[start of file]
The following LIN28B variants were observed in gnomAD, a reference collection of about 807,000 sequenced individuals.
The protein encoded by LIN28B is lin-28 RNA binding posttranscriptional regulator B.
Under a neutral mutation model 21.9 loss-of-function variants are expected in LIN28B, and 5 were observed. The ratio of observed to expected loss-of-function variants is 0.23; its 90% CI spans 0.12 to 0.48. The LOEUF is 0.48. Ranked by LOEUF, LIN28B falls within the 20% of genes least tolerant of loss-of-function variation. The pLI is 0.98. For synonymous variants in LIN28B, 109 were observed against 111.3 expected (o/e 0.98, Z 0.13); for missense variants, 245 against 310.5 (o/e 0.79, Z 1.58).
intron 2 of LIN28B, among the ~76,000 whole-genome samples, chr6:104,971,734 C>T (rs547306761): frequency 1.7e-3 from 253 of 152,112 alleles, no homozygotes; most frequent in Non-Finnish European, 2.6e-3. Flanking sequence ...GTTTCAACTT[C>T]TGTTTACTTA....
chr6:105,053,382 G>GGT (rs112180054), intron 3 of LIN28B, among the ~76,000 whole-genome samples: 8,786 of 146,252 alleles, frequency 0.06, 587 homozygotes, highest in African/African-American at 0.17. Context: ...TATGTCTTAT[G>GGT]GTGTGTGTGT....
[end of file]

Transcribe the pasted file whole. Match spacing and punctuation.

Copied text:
The following LIN28B variants were observed in gnomAD, a reference collection of about 807,000 sequenced individuals.
The protein encoded by LIN28B is lin-28 RNA binding posttranscriptional regulator B.
Under a neutral mutation model 21.9 loss-of-function variants are expected in LIN28B, and 5 were observed. The ratio of observed to expected loss-of-function variants is 0.23; its 90% CI spans 0.12 to 0.48. The LOEUF is 0.48. Ranked by LOEUF, LIN28B falls within the 20% of genes least tolerant of loss-of-function variation. The pLI is 0.98. For synonymous variants in LIN28B, 109 were observed against 111.3 expected (o/e 0.98, Z 0.13); for missense variants, 245 against 310.5 (o/e 0.79, Z 1.58).
intron 2 of LIN28B, among the ~76,000 whole-genome samples, chr6:104,971,734 C>T (rs547306761): frequency 1.7e-3 from 253 of 152,112 alleles, no homozygotes; most frequent in Non-Finnish European, 2.6e-3. Flanking sequence ...GTTTCAACTT[C>T]TGTTTACTTA....
chr6:105,053,382 G>GGT (rs112180054), intron 3 of LIN28B, among the ~76,000 whole-genome samples: 8,786 of 146,252 alleles, frequency 0.06, 587 homozygotes, highest in African/African-American at 0.17. Context: ...TATGTCTTAT[G>GGT]GTGTGTGTGT....